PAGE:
Rev. Ronnie Moore was chief of operations for Freedom Summer and Louisiana statewide CORE efforts. He lives in New Orleans and works with former prison inmates re-entry home to family and community with a program he created and is housed with New Orleans Catholic Charity.

Dookey Chase restaurant is legend in New Orleans and functioned as a segregated restaurant until the late sixties, after the civil rights bill was passed.

Annie P. Mason Johnson was/is still an activist in Jonesboro, was arrested for protesting and remained steadfast in her civil rights work to this very day as the head of her family.

Pernella Mason (deceased) was the Rosa Parks of Jonesboro for confronting the school desegregation for the education and respect she knew she deserved. She was mother to two daughters and three sons who supported the family efforts for civil rights going back and forth to Detroit auto industry jobs.

Vasti (deceased) was the queen of BBQ and she fed and supported civil rights workers while maintaining a segregated two room restaurant.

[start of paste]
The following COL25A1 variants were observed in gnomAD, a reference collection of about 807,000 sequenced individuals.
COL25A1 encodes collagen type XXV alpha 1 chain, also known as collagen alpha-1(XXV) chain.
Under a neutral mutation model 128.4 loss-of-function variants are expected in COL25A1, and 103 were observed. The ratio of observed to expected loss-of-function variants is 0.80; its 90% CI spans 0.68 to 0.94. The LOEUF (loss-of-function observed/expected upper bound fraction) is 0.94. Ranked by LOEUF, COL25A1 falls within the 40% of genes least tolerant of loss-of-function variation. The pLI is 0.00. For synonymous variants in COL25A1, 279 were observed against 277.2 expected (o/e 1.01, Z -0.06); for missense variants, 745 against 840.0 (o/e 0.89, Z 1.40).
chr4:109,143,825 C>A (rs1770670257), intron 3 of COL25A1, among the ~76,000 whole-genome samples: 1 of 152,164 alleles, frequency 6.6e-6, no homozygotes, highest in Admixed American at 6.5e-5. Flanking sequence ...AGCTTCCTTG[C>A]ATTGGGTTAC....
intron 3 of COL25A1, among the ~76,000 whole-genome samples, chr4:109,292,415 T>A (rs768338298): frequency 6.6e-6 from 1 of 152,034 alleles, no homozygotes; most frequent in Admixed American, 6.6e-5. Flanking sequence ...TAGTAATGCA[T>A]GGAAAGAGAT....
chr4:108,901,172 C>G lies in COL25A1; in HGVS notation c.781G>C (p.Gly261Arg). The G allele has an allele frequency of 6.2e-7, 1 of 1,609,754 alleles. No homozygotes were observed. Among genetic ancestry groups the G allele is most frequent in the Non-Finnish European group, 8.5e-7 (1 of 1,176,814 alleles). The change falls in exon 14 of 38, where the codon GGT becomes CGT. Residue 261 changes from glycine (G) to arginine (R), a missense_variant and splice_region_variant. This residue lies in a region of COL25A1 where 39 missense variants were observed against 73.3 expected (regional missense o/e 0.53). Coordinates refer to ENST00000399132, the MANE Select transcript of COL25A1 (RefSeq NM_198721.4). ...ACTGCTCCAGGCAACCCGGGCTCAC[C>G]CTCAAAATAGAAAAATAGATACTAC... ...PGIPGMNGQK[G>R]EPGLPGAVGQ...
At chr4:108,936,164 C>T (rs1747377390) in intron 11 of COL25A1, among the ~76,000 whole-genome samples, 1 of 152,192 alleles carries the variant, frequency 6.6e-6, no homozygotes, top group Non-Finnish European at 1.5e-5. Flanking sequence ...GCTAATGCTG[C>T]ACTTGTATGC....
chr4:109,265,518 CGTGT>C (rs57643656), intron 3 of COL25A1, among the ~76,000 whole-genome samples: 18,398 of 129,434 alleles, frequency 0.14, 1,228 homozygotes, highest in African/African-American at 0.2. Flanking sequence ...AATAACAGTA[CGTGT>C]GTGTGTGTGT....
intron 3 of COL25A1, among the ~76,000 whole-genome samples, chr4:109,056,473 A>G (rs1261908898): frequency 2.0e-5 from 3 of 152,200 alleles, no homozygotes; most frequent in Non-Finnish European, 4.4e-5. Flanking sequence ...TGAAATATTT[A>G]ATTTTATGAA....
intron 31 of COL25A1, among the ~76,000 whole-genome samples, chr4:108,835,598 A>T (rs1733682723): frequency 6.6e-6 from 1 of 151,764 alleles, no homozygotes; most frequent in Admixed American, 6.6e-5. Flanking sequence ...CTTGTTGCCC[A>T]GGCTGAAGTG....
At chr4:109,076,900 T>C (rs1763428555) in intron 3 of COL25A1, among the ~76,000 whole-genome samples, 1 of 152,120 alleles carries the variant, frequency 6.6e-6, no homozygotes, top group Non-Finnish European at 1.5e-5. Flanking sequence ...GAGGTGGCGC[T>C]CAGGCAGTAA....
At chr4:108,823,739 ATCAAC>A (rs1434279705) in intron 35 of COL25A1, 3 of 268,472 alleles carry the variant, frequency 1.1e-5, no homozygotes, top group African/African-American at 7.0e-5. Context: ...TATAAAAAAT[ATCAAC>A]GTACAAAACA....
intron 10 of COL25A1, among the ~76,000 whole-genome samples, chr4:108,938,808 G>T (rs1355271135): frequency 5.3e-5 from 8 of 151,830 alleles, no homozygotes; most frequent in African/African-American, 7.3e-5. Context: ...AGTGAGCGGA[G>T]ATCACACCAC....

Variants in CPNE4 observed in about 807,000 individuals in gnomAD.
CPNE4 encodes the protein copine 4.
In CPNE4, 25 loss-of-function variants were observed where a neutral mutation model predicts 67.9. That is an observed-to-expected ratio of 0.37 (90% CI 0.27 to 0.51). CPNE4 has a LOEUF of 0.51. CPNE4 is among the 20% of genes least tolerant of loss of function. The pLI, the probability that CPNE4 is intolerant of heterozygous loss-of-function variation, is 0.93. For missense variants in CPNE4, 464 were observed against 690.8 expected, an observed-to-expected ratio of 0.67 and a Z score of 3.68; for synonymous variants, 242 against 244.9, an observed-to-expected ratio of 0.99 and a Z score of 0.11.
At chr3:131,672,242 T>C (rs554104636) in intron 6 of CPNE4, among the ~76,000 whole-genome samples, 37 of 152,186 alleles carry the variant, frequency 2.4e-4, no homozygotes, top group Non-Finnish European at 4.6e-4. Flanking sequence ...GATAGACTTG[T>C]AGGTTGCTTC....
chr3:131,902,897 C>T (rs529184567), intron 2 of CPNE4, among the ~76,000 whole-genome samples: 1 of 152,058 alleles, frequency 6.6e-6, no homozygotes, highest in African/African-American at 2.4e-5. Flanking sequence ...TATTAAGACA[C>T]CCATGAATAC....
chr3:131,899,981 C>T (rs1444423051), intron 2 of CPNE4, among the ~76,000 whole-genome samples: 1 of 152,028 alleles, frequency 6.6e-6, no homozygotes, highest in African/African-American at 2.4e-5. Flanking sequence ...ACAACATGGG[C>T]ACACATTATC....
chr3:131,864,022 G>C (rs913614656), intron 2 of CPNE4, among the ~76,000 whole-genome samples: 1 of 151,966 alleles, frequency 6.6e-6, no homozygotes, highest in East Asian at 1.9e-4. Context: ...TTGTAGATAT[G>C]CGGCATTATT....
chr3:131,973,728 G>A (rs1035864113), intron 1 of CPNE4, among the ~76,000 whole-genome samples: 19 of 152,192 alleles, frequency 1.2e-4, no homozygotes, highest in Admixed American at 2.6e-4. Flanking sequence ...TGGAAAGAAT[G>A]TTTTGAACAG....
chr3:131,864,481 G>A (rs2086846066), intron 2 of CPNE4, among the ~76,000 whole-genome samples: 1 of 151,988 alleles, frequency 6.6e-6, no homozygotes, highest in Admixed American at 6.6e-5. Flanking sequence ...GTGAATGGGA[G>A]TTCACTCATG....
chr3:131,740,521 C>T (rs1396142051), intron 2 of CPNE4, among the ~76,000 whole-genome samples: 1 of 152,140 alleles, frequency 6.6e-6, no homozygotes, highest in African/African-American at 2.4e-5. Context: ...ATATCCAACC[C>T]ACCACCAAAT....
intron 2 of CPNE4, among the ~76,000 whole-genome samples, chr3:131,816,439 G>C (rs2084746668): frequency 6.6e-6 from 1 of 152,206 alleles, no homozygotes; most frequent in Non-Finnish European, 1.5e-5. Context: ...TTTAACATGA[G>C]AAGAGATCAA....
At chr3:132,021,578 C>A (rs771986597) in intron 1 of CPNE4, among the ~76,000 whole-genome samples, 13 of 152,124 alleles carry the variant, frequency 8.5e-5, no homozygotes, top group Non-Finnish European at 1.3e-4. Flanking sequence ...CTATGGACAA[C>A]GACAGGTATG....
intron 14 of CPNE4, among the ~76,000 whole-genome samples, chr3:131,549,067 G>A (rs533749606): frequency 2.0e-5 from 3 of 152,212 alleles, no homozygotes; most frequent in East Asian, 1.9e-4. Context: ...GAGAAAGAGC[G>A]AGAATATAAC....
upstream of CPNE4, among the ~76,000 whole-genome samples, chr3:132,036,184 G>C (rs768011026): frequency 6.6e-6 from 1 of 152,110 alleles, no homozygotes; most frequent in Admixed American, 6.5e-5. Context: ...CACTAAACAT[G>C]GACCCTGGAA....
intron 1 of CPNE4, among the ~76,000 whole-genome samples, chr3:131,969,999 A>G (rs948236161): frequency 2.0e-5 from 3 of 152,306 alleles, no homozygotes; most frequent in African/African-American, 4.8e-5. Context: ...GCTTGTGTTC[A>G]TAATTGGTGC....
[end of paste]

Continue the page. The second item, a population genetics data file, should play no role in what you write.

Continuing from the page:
Elmo Jacobs(deceased) worked at the mill and had rental houses. He gave use to CORE for the Freedom House which housed four workers. (a founder of the Deacons for Defense and Justice)

Ernest Thomas (Chilly Willie) (deceased) worked at the mill and did political networking nationally and internationally (a founder of the Deacons for Defense and Justice).

Lee Gilbert aka Skip (deceased) worked at the mill and armed with his sawed off shotgun kept watch at the Freedom House) from midnight til dawn.

Charlie Fenton lived on and off in Jonesboro for years working with CORE. He was the first white student enrolled in Grambling University. He was very badly beaten in the Jackson Parish jail after a protest and was hospitalized. Almost 80, he now lives in Tennessee and ran marathons until the past few years.]